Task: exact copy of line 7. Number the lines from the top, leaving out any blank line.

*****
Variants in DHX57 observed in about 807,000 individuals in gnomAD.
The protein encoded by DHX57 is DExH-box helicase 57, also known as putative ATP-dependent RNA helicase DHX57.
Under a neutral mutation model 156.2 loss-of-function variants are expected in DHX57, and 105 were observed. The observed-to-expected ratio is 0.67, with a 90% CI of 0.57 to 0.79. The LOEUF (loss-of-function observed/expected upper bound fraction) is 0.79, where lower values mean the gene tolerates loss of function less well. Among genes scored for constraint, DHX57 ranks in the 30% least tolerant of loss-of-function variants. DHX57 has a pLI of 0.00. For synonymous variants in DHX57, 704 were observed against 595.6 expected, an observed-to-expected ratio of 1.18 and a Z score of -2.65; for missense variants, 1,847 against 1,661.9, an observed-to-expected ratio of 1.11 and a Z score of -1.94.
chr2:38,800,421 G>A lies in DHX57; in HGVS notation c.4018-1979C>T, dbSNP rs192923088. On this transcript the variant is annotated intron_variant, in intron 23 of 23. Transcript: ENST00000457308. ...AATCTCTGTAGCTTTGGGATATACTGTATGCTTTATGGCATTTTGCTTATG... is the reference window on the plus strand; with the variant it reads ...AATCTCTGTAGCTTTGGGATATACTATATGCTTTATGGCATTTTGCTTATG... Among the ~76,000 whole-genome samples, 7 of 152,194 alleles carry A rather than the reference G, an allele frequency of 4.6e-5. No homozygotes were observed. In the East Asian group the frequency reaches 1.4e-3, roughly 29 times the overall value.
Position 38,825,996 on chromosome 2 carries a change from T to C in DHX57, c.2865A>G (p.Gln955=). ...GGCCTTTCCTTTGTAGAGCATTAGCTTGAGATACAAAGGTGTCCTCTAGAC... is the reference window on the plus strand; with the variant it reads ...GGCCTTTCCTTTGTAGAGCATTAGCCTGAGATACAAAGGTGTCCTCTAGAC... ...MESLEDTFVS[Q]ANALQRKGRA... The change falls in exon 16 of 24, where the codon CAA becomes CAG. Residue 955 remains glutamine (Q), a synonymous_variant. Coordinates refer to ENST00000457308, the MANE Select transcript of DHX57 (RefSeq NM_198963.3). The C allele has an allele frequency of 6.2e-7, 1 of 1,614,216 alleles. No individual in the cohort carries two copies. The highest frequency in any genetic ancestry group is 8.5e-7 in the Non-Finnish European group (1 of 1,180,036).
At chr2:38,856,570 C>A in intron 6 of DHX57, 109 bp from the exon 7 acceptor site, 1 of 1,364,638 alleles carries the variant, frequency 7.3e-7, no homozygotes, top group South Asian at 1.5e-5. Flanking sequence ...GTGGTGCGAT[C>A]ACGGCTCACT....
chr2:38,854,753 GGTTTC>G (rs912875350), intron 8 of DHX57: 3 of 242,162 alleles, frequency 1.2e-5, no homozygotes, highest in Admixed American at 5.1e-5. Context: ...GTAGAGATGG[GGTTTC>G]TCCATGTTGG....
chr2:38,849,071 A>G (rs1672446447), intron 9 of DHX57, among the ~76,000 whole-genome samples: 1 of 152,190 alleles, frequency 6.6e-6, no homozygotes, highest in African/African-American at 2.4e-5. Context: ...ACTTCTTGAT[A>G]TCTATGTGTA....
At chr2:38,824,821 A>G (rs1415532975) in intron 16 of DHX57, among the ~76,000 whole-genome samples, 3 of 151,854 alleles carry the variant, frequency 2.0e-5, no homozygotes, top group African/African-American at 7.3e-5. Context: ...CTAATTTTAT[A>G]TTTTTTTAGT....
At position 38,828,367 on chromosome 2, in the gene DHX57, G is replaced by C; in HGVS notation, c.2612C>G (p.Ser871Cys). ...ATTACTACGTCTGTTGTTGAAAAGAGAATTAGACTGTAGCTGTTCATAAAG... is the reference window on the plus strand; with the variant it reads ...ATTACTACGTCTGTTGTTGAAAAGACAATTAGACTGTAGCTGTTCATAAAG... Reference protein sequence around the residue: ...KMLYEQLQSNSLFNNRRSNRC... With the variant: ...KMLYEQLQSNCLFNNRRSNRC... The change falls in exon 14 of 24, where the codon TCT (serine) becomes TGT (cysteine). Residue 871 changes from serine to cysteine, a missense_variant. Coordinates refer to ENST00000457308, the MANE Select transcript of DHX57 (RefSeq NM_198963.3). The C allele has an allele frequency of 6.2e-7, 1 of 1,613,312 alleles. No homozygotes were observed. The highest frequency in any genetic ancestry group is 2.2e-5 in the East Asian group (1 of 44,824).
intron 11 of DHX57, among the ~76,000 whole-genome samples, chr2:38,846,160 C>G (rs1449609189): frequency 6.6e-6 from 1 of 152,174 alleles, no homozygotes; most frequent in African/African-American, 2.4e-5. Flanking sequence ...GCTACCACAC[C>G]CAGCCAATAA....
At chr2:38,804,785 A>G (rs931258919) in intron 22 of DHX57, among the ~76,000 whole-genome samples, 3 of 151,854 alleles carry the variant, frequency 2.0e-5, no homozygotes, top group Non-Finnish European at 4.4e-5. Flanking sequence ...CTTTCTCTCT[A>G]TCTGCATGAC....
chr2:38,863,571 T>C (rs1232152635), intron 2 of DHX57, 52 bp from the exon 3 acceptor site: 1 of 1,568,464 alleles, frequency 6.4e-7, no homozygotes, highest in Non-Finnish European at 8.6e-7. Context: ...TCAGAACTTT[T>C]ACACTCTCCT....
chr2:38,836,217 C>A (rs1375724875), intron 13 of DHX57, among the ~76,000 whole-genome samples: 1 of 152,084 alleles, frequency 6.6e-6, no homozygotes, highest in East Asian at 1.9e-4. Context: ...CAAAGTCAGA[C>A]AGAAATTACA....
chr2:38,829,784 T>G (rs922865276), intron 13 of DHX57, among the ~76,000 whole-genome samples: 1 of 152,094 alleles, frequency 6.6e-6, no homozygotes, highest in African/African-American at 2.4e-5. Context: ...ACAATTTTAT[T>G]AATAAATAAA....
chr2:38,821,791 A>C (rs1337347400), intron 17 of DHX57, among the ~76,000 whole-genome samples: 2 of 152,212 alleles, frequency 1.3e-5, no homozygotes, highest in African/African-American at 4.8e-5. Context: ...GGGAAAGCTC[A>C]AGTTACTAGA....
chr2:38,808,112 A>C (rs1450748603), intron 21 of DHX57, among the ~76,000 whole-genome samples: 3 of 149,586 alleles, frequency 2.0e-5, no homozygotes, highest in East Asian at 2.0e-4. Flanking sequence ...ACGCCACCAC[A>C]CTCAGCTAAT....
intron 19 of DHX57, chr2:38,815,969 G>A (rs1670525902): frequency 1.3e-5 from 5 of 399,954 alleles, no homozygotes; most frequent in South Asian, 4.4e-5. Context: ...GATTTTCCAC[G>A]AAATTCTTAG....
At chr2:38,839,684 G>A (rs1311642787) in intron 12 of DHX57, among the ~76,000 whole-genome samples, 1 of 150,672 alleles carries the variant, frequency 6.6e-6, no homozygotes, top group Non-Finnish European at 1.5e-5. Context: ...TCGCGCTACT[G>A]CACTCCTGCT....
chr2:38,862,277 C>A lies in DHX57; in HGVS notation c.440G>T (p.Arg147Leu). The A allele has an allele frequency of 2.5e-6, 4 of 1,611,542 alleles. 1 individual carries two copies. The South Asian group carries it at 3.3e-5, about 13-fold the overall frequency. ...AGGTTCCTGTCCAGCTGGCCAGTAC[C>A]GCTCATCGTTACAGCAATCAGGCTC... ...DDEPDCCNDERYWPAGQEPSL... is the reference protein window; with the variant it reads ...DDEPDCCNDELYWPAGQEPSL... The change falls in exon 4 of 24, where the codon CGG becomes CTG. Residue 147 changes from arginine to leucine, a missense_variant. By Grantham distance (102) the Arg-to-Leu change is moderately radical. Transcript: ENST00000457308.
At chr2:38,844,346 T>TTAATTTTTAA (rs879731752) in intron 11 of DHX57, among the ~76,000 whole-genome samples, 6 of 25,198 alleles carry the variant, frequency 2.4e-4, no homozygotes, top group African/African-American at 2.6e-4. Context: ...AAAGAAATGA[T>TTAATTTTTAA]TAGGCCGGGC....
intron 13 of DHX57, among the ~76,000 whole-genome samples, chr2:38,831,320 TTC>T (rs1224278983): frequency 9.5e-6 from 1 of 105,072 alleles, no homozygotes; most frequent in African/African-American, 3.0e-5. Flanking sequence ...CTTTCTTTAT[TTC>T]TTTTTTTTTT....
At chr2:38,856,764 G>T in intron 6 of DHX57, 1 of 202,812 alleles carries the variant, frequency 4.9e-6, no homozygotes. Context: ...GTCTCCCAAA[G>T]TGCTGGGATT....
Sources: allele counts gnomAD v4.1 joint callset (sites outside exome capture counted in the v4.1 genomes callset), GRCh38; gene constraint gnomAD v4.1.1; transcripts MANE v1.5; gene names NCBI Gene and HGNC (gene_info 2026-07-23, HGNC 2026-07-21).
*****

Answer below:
chr2:38,854,753 GGTTTC>G (rs912875350), intron 8 of DHX57: 3 of 242,162 alleles, frequency 1.2e-5, no homozygotes, highest in Admixed American at 5.1e-5. Context: ...GTAGAGATGG[GGTTTC>G]TCCATGTTGG....